Right now, global markets look at what’s happening in Chinese stocks with dread. This is happening despite the fact that Chinese markets are relatively insular. There isn’t much, if any, overlap between Chinese and international investors on stock markets.
In that respect, the latest stock market correction is strictly a Chinese problem. But China’s stock market troubles affect the world economy in indirect ways. How? Because it reflects the direction of the broader economy. If China’s economy is slowing, then global markets start to panic too. We’ve seen exactly that in the last few days.
The Chinese ‘Black Monday’ became a global problem in no time at all. The S&P500 has its worst day since the 2008 global financial crisis on Monday. The ASX lost $60 billion, or 4%, of its market cap in the space of a day.
But the real worry is that China is nowhere near bottoming out just yet. If China is slowing as fast as many now expect, everyone loses. The signs are that this is exactly what awaits us.
Chinese demand could remain sluggish for months to come. You can imagine what that’ll do to Aussie commodities exports looking ahead. Not only is China’s demand for commodities slowing, but its currency devaluation makes Aussie exports more expensive too. That’s a nightmare combination for the Australian government, which still depends on mining taxes for much of its revenue base.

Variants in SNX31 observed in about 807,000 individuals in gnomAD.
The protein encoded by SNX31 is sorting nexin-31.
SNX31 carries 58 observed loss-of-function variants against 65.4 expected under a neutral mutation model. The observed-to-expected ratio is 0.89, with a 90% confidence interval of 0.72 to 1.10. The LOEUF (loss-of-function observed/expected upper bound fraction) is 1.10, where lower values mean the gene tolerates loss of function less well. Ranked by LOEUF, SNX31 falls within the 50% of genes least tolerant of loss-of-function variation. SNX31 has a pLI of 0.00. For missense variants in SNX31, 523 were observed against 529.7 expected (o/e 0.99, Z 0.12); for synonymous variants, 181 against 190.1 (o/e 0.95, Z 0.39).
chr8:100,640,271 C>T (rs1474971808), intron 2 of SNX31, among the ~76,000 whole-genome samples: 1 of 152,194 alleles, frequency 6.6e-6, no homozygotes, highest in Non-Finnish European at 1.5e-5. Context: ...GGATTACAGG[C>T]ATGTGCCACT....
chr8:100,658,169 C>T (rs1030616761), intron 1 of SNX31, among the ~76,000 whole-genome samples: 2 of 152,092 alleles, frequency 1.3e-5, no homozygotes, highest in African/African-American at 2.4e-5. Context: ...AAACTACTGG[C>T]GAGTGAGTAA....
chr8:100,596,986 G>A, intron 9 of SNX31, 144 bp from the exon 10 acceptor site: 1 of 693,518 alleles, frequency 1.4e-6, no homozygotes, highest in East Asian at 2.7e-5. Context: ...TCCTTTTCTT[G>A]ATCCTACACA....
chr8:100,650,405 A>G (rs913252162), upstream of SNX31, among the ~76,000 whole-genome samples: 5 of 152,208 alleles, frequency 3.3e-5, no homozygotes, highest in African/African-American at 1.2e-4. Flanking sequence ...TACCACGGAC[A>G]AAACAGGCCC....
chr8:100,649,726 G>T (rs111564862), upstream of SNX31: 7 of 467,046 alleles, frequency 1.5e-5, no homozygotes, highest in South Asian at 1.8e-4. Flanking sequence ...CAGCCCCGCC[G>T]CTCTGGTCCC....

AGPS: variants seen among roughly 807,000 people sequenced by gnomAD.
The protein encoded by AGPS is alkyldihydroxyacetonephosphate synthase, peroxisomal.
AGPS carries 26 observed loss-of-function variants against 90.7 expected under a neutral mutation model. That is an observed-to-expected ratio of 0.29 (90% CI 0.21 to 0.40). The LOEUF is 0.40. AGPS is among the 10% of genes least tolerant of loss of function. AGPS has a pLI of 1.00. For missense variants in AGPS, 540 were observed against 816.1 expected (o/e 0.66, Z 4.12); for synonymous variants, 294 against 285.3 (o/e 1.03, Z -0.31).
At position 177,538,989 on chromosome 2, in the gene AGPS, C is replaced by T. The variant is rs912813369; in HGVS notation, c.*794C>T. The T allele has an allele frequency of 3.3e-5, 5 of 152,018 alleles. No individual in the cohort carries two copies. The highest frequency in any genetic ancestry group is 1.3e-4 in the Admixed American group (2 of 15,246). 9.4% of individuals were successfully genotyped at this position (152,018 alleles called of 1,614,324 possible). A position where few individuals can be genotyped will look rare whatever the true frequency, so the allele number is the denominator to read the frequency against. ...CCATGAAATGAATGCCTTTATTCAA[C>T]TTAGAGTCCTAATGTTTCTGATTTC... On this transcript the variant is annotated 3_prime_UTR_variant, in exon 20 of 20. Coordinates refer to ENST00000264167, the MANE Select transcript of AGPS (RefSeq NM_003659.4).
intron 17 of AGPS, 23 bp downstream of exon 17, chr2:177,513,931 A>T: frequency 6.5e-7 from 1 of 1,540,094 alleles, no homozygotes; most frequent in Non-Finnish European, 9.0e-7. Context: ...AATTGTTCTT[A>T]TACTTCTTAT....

Where to next?
Over the course of the second half of the year, things could get much worse before they improve. And it’s a big question as to whether the new year will bring any kind of reprieve either.
What’s happening now has the potential to dwarf the GFC crisis. Why? It’s because central banks across the developed world are hamstrung. China has scope to prop up its flagging economy a little longer. Elsewhere though, monetary policies have been exhausted for the most part.
In the world’s biggest economy, the US Fed is contemplating when to raise rates. But they can forget anything of the sort in this landscape. The last thing the US needs now is higher rates at a time when China’s embarking on a fresh round of monetary easing.
This means that fears over China won’t disappear anytime soon. China will remain the flashpoint that could tip the world over the edge into economic chaos. There are few signs that its economy will improve anytime soon.
With manufacturing crashing to six year lows, domestic demand for goods is falling. At the same time, the global economy is slowing too, reducing the demand for Chinese exports.
As the Chinese economy goes, so too do global stock markets.
The onus on Chinese authorities is to maintain growth rates of 7%. Considering there’s barely any growth to speak of, it means only thing: more stimulus.
At the same time, rate cuts should weigh further on Chinese currency. The yuan’s recent devaluation spooked markets, and for good reason too. A cheaper yuan makes Chinese exports less expensive, while making imports costlier.
For Chinese investors, the big question is whether people will flock back to property again. If property again becomes the go-to investment option, there’ll be renewed pressure on real estate. But it could also lead to an influx of Chinese investors into the Aussie housing market too.
Either way, it’s a turbulent time ahead for the Chinese economy. The uncertainty over China’s economic health will affect the world economy at large too.
As the era of monetary easing comes to an end in the developed world, it’s just picking up in China. But we all know how that story will end.
Contributor, Markets and Money
PS: Chinese stock markets aren’t the only ones with dark clouds hanging over its future. The Aussie share market has its own problems to contend with. The 4% market cap loss this week is a sign of how quickly things can spiral out of control.